It’s also your Why that connects with people on an emotional level, stirs and inspires them, creates loyalty to your business, your art, your brand. You.

So find your Why.

And then, as Simon Sinek advises, start with Why.

Create a question around your Why that genuinely intrigues you. As you explore the different aspects of it, you put out content that (hopefully) entertains and enlightens your right readers, draws them in, invites them along on the journey with you. You teach to reach, but teaching goes both ways. The community learns from you, and you learn from the community.

The best way to learn something is to teach it. Or as a friend of mine likes to point out, “We teach what we most need to learn.”

So what is it that you want – or need — to learn?

Nov 18, 2012
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7 comments · Add Yours

I love this, Justine. I’m a fairly new blogger, still finding my way and striving to define my Why. But I can’t believe how much I’ve learned and gained from my interaction with my readers. I’m enjoying it more than I ever dreamed. Thanks for enhancing the definitions and raising the right questions.

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Vaughn’s reply (above) could almost be mine – word for word. My husband and I began blogging together, and we have gained so much from joining other communities. I am inspired by the other writers out there brave enough to share their lives and also share in yours.

It’s amazing that clicking on a Tweet brought me here! Thank you for posting, Justine!

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Oh, I like this. Excellent blog post (thank you to Tammi Renzi for posting this on Twitter so I could find it!). Your words help me refocus on the elements which I believe are crucial to not only success in building a community on a blog, but also to being happy with your blog and your experience as a blogger. As with so many other things in life, if blogging is solely, only, and completely about money or sales or using people, I believe you’ll find yourself miserable in not too many years. Blogging can’t be about that (and, in my opinion, _shouldn’t_ be about that, not if it’s going to be sustainable). This article helps keep that reality in focus. Thank you.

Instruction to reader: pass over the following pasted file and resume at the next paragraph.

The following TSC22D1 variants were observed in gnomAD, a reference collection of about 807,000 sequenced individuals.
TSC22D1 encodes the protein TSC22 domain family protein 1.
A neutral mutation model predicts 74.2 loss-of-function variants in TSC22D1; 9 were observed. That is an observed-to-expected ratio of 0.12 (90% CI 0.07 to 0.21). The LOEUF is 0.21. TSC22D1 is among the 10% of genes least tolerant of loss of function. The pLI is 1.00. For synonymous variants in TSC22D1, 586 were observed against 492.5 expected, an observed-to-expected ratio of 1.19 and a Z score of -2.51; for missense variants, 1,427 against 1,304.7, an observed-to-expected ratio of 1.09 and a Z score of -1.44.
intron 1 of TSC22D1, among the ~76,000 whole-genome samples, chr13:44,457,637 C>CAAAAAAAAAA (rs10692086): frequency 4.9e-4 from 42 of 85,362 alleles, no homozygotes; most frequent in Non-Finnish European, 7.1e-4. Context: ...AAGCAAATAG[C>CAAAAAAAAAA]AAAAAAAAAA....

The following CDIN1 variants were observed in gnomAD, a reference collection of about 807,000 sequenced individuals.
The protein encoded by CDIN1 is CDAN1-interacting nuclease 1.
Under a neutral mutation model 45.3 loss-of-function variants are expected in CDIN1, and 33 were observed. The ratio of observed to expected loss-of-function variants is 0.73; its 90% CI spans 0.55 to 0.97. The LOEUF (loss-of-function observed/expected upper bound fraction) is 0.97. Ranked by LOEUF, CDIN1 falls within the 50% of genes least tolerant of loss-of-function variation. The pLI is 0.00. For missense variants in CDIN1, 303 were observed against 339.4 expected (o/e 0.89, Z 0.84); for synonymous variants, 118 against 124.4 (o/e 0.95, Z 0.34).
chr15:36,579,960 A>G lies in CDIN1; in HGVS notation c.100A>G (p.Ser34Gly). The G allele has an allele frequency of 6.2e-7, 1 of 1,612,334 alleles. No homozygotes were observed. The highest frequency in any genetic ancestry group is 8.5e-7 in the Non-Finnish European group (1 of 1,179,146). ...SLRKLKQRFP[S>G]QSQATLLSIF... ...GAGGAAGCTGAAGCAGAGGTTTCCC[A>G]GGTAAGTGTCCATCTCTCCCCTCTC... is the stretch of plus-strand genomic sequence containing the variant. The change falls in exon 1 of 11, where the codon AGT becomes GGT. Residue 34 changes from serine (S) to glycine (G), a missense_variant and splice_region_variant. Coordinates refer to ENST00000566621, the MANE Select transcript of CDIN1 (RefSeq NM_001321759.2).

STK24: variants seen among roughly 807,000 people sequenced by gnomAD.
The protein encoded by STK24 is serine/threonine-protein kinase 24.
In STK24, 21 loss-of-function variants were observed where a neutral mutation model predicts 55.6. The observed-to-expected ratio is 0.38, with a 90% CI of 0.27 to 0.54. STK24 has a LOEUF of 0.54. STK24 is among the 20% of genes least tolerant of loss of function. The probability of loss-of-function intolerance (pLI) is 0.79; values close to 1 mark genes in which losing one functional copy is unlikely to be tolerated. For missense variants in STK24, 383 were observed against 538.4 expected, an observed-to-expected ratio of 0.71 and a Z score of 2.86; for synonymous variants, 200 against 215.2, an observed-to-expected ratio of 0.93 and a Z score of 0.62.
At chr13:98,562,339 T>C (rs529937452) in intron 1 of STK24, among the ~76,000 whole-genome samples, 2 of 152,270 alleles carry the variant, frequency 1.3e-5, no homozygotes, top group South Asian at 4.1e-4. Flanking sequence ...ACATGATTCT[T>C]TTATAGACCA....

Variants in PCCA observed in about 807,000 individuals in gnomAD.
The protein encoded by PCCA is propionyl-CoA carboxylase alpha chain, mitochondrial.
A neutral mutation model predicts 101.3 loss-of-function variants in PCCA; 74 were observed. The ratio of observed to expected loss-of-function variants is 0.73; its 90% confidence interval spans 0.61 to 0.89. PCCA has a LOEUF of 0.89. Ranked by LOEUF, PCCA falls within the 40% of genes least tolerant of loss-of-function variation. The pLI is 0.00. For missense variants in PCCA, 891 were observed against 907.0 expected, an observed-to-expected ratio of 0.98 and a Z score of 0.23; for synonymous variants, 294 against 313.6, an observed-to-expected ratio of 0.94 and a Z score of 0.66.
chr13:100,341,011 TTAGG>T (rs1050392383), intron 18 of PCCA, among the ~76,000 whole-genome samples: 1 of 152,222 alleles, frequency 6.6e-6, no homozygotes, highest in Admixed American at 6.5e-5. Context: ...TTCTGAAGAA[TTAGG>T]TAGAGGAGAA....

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“We teach what we most need to learn.” That line really helped me get a hold on why I am typing all these blog posts and Tweets. I most need to have fun and spend time with my wife (not mutually exclusive, of course!) and play the guitar. So it makes sense for me to teach/share these things in such a context. And a second thanks to Tammy and her fortuitous Tweet!

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Start with the why…this is what resonated with me most. I have blogged on and off, but it never stuck because I was trying to write about things that were cute and crafty. I do like cute and crafty, a little, mostly looking at stuff someone else did, but I definitely don’t care enough to keep a blog about that. Now I write out of my journal, what is real. It has made a huge difference to lay down all the stuff I thought I should care about.

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Hey Justine, yes, and nonetheless we are selling and trying hard to show we are not interested in selling. It is an interesting meta-game ;-)

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@kitty kilian That’s why it’s so important to find some kind of mission in it — something that fires you up in and of itself (even if it’s the quest to find out what that even is). Otherwise no one will play. Information is no longer scarce, since anyone can access it online; what’s important now is meaning, context, emotional labour. Which becomes a kind of art in itself.